The goal of this project would be to lessen the problem by implementing one or more changes to the existing strategy heap management. Examples are better region selection for evacuation and placement of regions, automatic region level defragmentation efforts by moving humongous objects, over-provisioning the heap area, more aggressive reclaimation of humongous objects and regular object allocation after a humongous object.
    Contact: DI Thomas Schatzl (Oracle Java)

  • Automatic Dynamic Optimization of Remembered Sets (C++)
    Summary: Let the G1 collector automatically determine remembered set container options for either reduced memory usage or improved performance.
    The G1 garbage collector is the current default garbage collector in the OpenJDK Hotspot VM. It uses remembered sets to store locations of incoming references to a particular region of the heap. This data structure is basically an implementation of a sparse set of integers: the entire range of possible values is split into evenly sized areas. A top level concurrent hash table stores values in areas that are "in" the set in a so-called remembered set container. Such a container is represented, depending on the number of values to be stored in that area it covers, by different kinds of data structures, e.g. arrays, bitmaps, or even single special integers.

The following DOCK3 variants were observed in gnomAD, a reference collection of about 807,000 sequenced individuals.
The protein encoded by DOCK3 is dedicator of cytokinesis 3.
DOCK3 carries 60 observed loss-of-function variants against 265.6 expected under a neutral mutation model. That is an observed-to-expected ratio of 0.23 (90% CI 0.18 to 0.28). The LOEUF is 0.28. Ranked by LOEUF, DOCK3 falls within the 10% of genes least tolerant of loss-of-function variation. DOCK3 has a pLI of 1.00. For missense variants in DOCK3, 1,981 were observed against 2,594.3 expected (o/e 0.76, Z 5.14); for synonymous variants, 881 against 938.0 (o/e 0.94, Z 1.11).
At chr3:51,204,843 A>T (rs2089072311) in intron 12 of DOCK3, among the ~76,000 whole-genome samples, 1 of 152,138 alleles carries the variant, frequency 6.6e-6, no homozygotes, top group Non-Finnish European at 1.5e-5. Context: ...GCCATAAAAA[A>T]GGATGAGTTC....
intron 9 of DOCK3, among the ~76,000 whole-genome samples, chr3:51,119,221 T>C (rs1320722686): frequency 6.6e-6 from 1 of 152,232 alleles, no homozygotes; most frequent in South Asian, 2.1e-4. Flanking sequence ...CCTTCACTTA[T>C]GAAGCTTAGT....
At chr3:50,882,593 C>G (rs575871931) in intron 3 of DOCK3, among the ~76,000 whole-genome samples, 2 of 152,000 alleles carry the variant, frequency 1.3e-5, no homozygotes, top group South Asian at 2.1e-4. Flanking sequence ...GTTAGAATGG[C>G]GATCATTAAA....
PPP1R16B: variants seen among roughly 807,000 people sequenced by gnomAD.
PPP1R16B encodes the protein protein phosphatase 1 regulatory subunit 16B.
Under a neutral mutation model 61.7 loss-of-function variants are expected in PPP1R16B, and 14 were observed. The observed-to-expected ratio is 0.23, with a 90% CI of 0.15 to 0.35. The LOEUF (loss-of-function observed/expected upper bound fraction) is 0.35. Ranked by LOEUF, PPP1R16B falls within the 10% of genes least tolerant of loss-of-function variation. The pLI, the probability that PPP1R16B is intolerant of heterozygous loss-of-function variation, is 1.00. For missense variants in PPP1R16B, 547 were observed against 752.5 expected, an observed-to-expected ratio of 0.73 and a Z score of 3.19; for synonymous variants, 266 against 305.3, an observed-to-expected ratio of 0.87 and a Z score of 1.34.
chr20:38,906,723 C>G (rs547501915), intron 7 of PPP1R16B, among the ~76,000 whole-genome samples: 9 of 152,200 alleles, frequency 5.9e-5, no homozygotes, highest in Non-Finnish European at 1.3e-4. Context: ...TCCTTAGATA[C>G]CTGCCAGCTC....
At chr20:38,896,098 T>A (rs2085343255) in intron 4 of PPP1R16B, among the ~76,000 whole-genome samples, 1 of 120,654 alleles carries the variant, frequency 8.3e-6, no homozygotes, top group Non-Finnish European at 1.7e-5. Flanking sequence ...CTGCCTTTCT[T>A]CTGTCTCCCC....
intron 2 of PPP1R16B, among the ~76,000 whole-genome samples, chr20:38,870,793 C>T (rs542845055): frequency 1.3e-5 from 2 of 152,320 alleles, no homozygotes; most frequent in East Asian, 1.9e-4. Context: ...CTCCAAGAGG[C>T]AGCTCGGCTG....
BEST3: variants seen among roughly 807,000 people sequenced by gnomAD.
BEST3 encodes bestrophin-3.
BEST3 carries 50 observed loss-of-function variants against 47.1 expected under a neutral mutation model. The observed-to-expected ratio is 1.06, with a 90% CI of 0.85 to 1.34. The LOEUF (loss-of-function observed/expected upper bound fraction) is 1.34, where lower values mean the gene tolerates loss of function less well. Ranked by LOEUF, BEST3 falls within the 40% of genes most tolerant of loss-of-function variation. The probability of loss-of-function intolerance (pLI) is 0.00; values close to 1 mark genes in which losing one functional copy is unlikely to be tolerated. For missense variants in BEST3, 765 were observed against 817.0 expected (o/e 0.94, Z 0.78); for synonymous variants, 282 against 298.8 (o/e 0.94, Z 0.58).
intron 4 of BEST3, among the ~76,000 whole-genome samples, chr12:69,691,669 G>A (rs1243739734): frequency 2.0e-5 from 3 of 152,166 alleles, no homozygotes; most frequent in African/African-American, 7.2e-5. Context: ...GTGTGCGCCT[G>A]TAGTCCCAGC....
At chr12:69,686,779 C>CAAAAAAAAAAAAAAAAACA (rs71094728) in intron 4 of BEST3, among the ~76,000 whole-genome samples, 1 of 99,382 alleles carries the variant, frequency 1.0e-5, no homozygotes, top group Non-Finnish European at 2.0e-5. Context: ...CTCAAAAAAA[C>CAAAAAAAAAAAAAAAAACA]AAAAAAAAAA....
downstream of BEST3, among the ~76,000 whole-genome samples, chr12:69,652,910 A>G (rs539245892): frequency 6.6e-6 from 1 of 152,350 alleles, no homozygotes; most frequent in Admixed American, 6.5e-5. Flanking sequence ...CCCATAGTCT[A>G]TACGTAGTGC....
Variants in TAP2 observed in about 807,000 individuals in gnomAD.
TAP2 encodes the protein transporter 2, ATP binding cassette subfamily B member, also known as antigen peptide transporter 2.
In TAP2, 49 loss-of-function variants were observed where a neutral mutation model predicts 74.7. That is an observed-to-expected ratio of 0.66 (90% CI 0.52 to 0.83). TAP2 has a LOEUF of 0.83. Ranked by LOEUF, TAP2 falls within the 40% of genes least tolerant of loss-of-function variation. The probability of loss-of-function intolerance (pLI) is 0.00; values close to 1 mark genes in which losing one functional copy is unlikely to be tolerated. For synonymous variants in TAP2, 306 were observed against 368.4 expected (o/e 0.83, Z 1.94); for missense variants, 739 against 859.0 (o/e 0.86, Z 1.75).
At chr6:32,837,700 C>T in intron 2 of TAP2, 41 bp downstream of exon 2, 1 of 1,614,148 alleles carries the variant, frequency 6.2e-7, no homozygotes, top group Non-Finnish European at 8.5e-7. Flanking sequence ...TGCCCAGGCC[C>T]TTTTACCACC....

The remembered set implementation switches between containers on the fly depending on current remembered set entry occupancy of an area.
    G1 currently sizes these containers statically, i.e. independent of actual distribution of values in a given remembered set. So a particular container has a fixed size being able to hold a fixed amount of values, eg. an "array" remembered set container always has 128 entries, regardless of what the typical occupancy of such an array container is. This wastes memory, because different types of applications (and remembered sets for different areas of the heap) exhibit different occupancy characteristics.
    The task is to change G1 to let it reconfigure the remembered set containers based on statistics that need to be gathered while an application is running to optimize for the particular goal, and evaluate the effectiveness of these optimizations on several benchmarks.
    Contact: DI Thomas Schatzl (Oracle Java)

  • Fixed Memory Marking for G1 (C++)
    Summary: Implement a marking algorithm that uses (small) constant memory and compare with the existing.
    The G1 garbage collector is the current default garbage collector in the OpenJDK Hotspot VM. Its algorithm to determine reachable objects is a straightforward implementation of the Tri-Color abstraction. The drawback of this algorithm is that mark stack, a helper data structure, memory requirements is only bounded by the number of live objects which can be a very large number (in the MBs).
    There is an algorithm that bounds only needs a very small mark stack and a small helper table to complete marking.
    The task for this work comprises:
    • Implement the mentioned algorithm in the G1 garbage collector
    • The description only describes single-threaded operation, extend it to use multiple threads.
    • Compare its performance and memory consumption to the existing algorithm on benchmarks.

    Contact: DI Thomas Schatzl (Oracle Java)